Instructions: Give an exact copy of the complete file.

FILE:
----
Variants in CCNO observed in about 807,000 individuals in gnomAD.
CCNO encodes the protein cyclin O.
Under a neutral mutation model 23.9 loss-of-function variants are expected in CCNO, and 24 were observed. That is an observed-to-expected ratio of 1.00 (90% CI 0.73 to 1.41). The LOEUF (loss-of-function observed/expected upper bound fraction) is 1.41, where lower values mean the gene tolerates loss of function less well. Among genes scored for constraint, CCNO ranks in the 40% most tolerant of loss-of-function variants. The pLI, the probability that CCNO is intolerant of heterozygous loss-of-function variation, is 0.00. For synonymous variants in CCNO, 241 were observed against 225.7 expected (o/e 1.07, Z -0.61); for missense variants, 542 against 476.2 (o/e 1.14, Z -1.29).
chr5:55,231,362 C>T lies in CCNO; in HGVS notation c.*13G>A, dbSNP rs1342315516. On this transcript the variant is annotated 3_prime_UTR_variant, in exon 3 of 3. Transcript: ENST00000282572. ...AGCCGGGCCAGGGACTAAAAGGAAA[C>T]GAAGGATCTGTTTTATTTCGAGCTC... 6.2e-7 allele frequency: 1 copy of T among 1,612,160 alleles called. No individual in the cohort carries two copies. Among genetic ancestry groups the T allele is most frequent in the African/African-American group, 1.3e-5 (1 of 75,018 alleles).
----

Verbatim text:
Variants in CCNO observed in about 807,000 individuals in gnomAD.
CCNO encodes the protein cyclin O.
Under a neutral mutation model 23.9 loss-of-function variants are expected in CCNO, and 24 were observed. That is an observed-to-expected ratio of 1.00 (90% CI 0.73 to 1.41). The LOEUF (loss-of-function observed/expected upper bound fraction) is 1.41, where lower values mean the gene tolerates loss of function less well. Among genes scored for constraint, CCNO ranks in the 40% most tolerant of loss-of-function variants. The pLI, the probability that CCNO is intolerant of heterozygous loss-of-function variation, is 0.00. For synonymous variants in CCNO, 241 were observed against 225.7 expected (o/e 1.07, Z -0.61); for missense variants, 542 against 476.2 (o/e 1.14, Z -1.29).
chr5:55,231,362 C>T lies in CCNO; in HGVS notation c.*13G>A, dbSNP rs1342315516. On this transcript the variant is annotated 3_prime_UTR_variant, in exon 3 of 3. Transcript: ENST00000282572. ...AGCCGGGCCAGGGACTAAAAGGAAA[C>T]GAAGGATCTGTTTTATTTCGAGCTC... 6.2e-7 allele frequency: 1 copy of T among 1,612,160 alleles called. No individual in the cohort carries two copies. Among genetic ancestry groups the T allele is most frequent in the African/African-American group, 1.3e-5 (1 of 75,018 alleles).